Unfortunately for myself, despite having the DLC, I have yet to play through it all which is a shame. Even so, just the core game was so long and enjoyable and intense; I would recommend this game to just about anybody who likes fantasy RPG’s. From killing dragons to slaying demons, get ready to lead the Inquisition.

Well Nasties, did you enjoy my list? How about you; what are your favorite multiplatform games that have been release? Tell us in the comments below your thoughts. 

This has been Mod Loser, Jackie, whatever you want to call me, signing off!

Tropes in Gaming: No Guy Wants an Amazon with Mod Aria!

Welcome to another installment of our new segment, Tropes in Gaming. Mod Aria’s here today, and I’m going to discuss a trope that particularly frustrates me. It’s called “No Guy Wants an Amazon”, and it has some really toxic implications in it; especially when prominent in video games.

The “No Guy Wants an Amazon” trope highlights the idea of overtly masculine women. These are women who do not take part in what we would call “feminine acts” and take part in seemingly “masculine acts”. The name “Amazon” comes from the idea that many Amazon women rejected femininity due to their love for battle and for their size. The “Amazons” from the trope are women who reject make-up and dancing in exchange for “masculine” hobbies like swordplay and sports. They are also typically muscular and strong despite their size.

More specifically, the trope emphasizes that men abhor these “masculine women” because they do not find them attractive in comparison to “feminine women”. Honestly, it’s obvious from the start why this trope is incredibly toxic. But, let’s go one step at a time. And while this trope may seem like it does not appear in video games, it certainly does! Nasty Woman Gaming has discussed Dragon Age frequently, and it shouldn’t be a surprise to learn that this trope is quite evident in the series.

We can start with Dragon Age: Origins. In some of the female origin stories, your Hero is often scolded by their families for loving the idea of fighting. Your father in the City Elf story discourages you from letting your potential husband learn about your combat training; it might scare him away. In the Human Noble story, your mother makes very similar comments; she goes far enough to insult you for letting yourself be seen training.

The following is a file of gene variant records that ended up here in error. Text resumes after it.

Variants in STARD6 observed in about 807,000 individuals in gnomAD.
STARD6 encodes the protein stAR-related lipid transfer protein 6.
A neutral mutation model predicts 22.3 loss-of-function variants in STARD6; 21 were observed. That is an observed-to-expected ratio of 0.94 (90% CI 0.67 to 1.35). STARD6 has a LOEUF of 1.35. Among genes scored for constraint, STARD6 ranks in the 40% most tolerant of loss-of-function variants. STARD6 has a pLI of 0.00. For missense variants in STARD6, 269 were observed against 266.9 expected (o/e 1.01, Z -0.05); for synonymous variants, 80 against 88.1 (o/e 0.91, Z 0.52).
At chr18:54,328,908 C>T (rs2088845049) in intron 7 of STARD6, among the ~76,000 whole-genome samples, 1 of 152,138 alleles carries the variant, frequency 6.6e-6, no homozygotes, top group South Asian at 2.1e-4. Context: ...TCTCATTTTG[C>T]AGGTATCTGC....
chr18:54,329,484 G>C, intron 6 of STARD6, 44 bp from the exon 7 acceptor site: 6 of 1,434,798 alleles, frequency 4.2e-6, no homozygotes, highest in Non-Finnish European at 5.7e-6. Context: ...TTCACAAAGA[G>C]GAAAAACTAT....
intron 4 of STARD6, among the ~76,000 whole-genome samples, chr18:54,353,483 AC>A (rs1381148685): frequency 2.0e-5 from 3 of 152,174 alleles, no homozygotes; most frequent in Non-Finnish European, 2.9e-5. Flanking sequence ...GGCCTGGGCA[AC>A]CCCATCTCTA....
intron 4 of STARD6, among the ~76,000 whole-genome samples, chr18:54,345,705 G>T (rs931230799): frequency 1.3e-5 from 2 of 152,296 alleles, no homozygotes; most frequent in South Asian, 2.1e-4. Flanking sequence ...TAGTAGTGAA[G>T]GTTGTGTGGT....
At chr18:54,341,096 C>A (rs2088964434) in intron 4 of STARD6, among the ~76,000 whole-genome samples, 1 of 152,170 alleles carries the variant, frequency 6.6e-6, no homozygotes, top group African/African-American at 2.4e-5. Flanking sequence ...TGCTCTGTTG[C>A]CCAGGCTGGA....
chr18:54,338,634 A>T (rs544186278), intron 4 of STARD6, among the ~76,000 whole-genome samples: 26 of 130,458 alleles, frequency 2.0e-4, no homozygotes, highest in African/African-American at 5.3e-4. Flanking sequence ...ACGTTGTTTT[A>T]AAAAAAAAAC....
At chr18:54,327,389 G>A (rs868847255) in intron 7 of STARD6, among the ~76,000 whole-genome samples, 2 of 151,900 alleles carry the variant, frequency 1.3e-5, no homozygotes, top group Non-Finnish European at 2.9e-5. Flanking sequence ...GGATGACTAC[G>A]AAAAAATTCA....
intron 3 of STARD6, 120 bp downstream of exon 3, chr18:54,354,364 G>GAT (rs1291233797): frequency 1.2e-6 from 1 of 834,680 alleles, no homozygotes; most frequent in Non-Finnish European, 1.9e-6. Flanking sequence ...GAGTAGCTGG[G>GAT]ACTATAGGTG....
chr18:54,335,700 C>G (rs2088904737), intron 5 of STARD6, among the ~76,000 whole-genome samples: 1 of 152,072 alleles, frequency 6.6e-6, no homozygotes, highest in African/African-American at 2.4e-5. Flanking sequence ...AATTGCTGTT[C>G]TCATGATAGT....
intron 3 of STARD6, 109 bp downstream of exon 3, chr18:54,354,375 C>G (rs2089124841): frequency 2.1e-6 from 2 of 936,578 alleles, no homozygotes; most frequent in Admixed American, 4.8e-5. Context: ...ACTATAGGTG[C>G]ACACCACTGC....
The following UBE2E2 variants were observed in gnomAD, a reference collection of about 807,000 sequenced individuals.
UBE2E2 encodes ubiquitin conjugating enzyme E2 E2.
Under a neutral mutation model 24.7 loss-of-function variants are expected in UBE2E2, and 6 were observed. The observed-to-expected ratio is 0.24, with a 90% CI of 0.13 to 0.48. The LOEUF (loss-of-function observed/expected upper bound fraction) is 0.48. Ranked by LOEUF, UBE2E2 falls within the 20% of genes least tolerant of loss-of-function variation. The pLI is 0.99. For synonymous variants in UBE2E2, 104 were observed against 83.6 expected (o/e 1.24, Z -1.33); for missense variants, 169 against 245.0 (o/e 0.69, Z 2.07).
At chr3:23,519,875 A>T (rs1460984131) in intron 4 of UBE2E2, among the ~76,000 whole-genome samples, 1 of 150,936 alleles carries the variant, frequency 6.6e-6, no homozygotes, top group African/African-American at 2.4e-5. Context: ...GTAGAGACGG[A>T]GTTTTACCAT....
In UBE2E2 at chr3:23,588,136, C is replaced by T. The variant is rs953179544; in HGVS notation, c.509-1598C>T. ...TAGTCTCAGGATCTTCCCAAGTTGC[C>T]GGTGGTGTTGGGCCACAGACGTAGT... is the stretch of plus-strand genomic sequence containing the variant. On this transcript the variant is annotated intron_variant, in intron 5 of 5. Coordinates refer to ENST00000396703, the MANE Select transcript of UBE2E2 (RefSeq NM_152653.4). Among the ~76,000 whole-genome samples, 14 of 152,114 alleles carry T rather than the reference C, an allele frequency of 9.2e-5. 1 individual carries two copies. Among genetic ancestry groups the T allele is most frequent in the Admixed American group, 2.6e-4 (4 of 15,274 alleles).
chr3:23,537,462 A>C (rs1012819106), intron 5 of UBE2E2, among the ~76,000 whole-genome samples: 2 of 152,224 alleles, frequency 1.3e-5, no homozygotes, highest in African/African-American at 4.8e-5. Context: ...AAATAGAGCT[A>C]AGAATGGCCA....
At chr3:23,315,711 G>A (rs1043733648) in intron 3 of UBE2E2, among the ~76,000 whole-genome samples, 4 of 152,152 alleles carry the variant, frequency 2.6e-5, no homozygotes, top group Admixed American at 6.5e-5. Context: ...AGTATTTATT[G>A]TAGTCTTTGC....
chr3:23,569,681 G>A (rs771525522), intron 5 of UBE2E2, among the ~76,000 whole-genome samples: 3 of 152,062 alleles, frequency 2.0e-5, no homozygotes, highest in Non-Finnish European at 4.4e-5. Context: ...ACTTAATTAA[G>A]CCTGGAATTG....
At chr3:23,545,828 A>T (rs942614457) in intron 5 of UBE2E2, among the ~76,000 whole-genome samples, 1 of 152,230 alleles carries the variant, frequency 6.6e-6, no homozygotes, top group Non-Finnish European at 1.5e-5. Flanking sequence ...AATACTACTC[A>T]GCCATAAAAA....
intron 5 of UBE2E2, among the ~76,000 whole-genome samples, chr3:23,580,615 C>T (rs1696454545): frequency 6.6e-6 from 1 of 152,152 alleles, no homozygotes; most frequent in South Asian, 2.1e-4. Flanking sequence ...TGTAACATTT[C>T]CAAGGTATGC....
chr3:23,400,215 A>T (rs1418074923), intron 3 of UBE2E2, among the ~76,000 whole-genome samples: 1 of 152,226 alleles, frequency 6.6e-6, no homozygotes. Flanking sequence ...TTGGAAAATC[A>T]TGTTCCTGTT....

This notion appears again in Dragon Age 2 and Inquisition. First, there’s Aveline Vallen. Aveline is a soldier of Fereldan and also the eventual Guard Captain of Kirkwall. She is strong and wears gender-neutral armor, but she is constantly mocked for how “unfeminine” she is. Isabela incessantly ridicules Aveline for frightening men due to her rejection of traditional femininity. In Dragon Age Inquisition you have Cassandra, who feels she is also too frightening for men to approach.

The problem that arises from this trope is the dynamic between men and women who do not subscribe to traditional gender roles. It paints “masculine” women as undesirable solely because “masculine” women are not considered attractive to cisgendered, heterosexual men. Toxic masculinity has ingrained in us ideas of what women and men should be like. And when we don’t conform to those ideas, we are deemed ugly or freakish.

And I’m not necessarily saying that the Dragon Age games are wrong for using this trope; often it is averted due to the nature of how other characters handle it. However, that does not mean it isn’t without reproach. What Dragon Age and other video games should learn from this trope is that deciding what about yourself is good or bad based on a man’s level of desire for you is unhealthy and sexist. Too often are these “masculine” women treated disrespectfully for the sake of humor.

It’s time for us to wake up and realize that “masculine” and “feminine” labels are inherently meaningless. We as a human race decided what traits, colors, sounds and the like were considered “masculine” and “feminine”.

And now we are the ones with the power to wake others up to the truth: that a woman is a woman if she says she is. That a man is a man if he says he is. That no one has to conform to the gender binary.

That what someone thinks of us doesn’t matter; we are perfect just the way we are. 


Thank you so much for reading this article! Please continue to support NWG.

— Mod Aria/Sam